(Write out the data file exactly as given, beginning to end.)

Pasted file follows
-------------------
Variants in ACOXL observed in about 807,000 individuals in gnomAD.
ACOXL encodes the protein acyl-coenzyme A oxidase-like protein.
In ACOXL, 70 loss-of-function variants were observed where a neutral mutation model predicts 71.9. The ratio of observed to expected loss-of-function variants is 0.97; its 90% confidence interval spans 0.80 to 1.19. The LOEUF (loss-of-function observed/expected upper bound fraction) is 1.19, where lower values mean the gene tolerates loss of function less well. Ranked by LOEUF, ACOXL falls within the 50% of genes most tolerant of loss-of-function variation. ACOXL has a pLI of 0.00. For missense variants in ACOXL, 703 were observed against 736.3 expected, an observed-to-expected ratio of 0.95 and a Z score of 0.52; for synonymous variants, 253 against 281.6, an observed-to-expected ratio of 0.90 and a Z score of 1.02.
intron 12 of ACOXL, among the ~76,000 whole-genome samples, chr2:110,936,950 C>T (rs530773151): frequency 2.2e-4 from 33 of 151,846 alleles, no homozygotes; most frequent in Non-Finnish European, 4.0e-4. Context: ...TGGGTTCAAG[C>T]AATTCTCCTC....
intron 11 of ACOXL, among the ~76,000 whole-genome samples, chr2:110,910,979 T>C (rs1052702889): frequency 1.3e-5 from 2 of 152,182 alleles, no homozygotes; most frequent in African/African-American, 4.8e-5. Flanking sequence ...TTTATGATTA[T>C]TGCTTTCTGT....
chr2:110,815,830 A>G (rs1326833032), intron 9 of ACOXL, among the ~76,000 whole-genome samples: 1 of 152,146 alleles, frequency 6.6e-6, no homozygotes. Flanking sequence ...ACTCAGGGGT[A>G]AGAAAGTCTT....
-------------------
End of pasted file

Variants in ACOXL observed in about 807,000 individuals in gnomAD.
ACOXL encodes the protein acyl-coenzyme A oxidase-like protein.
In ACOXL, 70 loss-of-function variants were observed where a neutral mutation model predicts 71.9. The ratio of observed to expected loss-of-function variants is 0.97; its 90% confidence interval spans 0.80 to 1.19. The LOEUF (loss-of-function observed/expected upper bound fraction) is 1.19, where lower values mean the gene tolerates loss of function less well. Ranked by LOEUF, ACOXL falls within the 50% of genes most tolerant of loss-of-function variation. ACOXL has a pLI of 0.00. For missense variants in ACOXL, 703 were observed against 736.3 expected, an observed-to-expected ratio of 0.95 and a Z score of 0.52; for synonymous variants, 253 against 281.6, an observed-to-expected ratio of 0.90 and a Z score of 1.02.
intron 12 of ACOXL, among the ~76,000 whole-genome samples, chr2:110,936,950 C>T (rs530773151): frequency 2.2e-4 from 33 of 151,846 alleles, no homozygotes; most frequent in Non-Finnish European, 4.0e-4. Context: ...TGGGTTCAAG[C>T]AATTCTCCTC....
intron 11 of ACOXL, among the ~76,000 whole-genome samples, chr2:110,910,979 T>C (rs1052702889): frequency 1.3e-5 from 2 of 152,182 alleles, no homozygotes; most frequent in African/African-American, 4.8e-5. Flanking sequence ...TTTATGATTA[T>C]TGCTTTCTGT....
chr2:110,815,830 A>G (rs1326833032), intron 9 of ACOXL, among the ~76,000 whole-genome samples: 1 of 152,146 alleles, frequency 6.6e-6, no homozygotes. Flanking sequence ...ACTCAGGGGT[A>G]AGAAAGTCTT....